fall 2021

Bay of Quinte Greens, Newsletter
Fall 2021

Comic Relief:  The tree hugger’s confession

I withdrew from the Green Party of Canada a month before the federal election because I couldn’t figure out what was happening with Annamie Paul and the party executive.  

I am a senior, retired, grandfather and rural homeowner.  What can I say about the wrath of others?  It seemed to me the federal Greens had fallen into public anger and blame, which is not for me. I prefer to just understand – or try to.  

There is no such animosity in the Ontario Green Party. For sure, provincial Greens are serious about the disastrous policies of the Ford fiasco (highway 413??!!) but our complaints are reasoned, articulate and science based. Moreover, at the municipal and provincial level, more is possible.  I am preparing for June 2022 and the provincial elections.

Vote Green.

Editor Jim

A Note from Mike Schreiner, President of the Provincial Greens

“On Ontario Agriculture Week, I’m calling on Doug Ford to commit to ending sprawl and cancelling Highway 413 to protect our farmland.

Ford’s sprawl-at-all-costs and pay-to-pave approach to development is ripping up prime farmland.

175 acres of farmland are lost every day in Ontario due to sprawl. That’s the equivalent of five farms per week.

Highway 413 alone would destroy 2,000 acres of farmland.

It’s unsustainable, and it threatens our food security and rural economy.
Instead of sprawling out, let’s build 15 minute communities with infill, gentle density, and mid-rise so we can preserve our valuable farmland. Instead of more highways, let’s invest in electrified and affordable transit.

And this Ontario Agriculture Week, let’s support Ontario farmers by filling our tables with healthy local food.”

Mike Schreiner
Leader, Ontario Greens

From Lori Borthwick, President of the BQGPO

Fall days 

Last week I took a refreshing vacation day and walked through several local conservation areas. The areas were beautiful, almost empty of people and full of birds on their migration. The bushes and trees held so many birds, feeding on the native plants and shrubs. 

As I enjoyed all the sounds, sights and smells of my nature walk I realized just how much it had restored me both mentally and physically. It reminded me just how important it is to protect these natural spaces, for the wildlife that depends on them, and also for us, as they remind us of what is truly important.

The trees, the animals that depend on these wild spaces and the land, cannot speak for themselves. They have no way to advocate for themselves, they are not heard in the chambers where decisions are made. The Ford Conservatives have continually reduced protections for all of our remaining wildlife and biodiverse areas. In the name of progress and jobs, important biodiverse lands are slated for development for the land developers that have financially supported Doug Ford’s Conservatives.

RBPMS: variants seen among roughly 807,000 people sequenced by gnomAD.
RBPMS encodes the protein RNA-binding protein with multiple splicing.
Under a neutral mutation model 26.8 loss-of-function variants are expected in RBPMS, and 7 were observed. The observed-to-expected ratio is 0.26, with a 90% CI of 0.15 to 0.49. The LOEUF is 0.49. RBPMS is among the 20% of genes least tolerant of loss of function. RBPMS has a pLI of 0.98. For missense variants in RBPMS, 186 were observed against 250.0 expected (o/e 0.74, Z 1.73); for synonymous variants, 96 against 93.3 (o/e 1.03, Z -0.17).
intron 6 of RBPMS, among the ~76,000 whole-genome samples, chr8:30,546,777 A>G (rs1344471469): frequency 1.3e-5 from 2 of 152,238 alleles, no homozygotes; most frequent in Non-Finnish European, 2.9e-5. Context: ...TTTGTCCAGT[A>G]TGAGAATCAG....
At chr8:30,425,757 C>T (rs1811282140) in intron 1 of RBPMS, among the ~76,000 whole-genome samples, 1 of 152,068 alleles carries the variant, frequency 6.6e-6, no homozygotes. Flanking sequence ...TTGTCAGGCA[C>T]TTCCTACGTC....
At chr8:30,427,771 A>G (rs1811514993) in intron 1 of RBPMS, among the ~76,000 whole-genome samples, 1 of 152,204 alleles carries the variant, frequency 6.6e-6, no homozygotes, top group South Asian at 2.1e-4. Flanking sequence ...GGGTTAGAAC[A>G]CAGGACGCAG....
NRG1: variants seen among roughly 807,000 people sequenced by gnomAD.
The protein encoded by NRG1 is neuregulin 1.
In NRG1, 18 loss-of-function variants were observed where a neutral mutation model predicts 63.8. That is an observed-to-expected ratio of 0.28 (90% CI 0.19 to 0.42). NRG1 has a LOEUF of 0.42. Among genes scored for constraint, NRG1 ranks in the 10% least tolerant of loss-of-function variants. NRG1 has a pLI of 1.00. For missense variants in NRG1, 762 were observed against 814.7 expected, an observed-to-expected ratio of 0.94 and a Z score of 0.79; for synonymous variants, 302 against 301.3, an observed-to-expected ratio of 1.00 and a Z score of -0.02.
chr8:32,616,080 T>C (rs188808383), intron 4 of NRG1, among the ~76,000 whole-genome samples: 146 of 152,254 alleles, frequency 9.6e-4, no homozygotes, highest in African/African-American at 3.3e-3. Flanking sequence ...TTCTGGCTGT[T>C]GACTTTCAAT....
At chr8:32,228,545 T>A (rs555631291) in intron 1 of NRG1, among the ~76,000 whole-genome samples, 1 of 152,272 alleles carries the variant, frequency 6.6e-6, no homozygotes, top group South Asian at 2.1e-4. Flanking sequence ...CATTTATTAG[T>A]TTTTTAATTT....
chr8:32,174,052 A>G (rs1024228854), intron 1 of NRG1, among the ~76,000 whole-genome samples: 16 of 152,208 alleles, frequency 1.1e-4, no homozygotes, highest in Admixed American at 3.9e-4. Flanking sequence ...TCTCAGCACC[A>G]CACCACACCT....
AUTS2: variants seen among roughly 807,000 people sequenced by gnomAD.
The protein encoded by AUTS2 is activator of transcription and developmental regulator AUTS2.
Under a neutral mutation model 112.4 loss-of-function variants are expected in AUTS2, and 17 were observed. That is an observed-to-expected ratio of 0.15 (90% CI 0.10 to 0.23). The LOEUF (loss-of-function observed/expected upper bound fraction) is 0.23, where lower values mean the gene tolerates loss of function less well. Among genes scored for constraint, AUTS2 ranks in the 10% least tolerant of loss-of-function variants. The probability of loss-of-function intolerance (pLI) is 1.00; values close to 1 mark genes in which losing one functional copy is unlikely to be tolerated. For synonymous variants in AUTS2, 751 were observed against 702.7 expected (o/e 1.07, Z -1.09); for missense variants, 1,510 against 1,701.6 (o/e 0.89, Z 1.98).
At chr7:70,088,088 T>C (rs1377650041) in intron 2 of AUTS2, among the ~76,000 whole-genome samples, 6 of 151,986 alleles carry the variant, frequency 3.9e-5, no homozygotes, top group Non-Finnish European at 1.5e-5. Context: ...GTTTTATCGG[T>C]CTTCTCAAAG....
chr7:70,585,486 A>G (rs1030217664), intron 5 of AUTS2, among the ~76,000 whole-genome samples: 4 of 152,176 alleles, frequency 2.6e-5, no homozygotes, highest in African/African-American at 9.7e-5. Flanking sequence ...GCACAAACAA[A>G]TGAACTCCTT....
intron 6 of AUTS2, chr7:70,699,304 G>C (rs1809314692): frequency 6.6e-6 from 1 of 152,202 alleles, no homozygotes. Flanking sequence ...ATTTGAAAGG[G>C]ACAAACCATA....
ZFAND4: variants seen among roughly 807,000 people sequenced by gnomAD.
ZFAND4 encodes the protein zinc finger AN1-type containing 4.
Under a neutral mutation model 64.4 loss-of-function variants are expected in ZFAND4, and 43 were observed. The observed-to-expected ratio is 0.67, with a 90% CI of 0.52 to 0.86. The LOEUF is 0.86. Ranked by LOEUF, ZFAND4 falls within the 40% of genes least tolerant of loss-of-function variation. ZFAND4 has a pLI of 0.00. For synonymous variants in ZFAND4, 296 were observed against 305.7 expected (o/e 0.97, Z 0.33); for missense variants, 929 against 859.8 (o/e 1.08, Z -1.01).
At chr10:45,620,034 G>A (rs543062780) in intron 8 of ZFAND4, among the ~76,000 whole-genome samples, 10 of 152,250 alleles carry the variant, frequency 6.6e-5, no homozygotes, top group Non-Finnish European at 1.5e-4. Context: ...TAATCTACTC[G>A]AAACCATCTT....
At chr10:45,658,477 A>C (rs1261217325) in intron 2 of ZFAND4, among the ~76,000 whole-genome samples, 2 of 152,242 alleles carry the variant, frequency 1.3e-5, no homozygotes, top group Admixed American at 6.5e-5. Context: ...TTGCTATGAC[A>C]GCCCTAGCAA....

There is a provincial election on June 2, 2022. If you feel called to speak for the natural spaces in Ontario then now is the time to volunteer for the Green Party of Ontario. We speak for the voiceless in parliament. We protect the land. We need your help to raise our voice in the next election. There are so many ways to get involved and help amplify our voices. You can visit BayofQuinteGPO.ca to learn more or GPO.ca.

More on Ford’s Throne (??!!) Speech, Abhijeet Manay

Ford’s throne speech was a disaster for climate. 

Last week Ford opened the new session of the legislature with a speech that was as unsurprising as it was unimaginative. And it didn’t mention the climate emergency once.

Instead of giving Ontarians the climate action and affordable housing we so desperately need, Ford promised more highways. Highways that will rip through Ontario’s green spaces and prime farmland and put more cars on the road, causing more pollution. 

Ford’s crusade against the environment is appalling. 

We’re calling on the government to make some real, evidence-based changes, instead of just repeating the same old rhetoric. Ontario Greens want to see a plan for childcare, affordable housing and most importantly, climate action. Not more highways.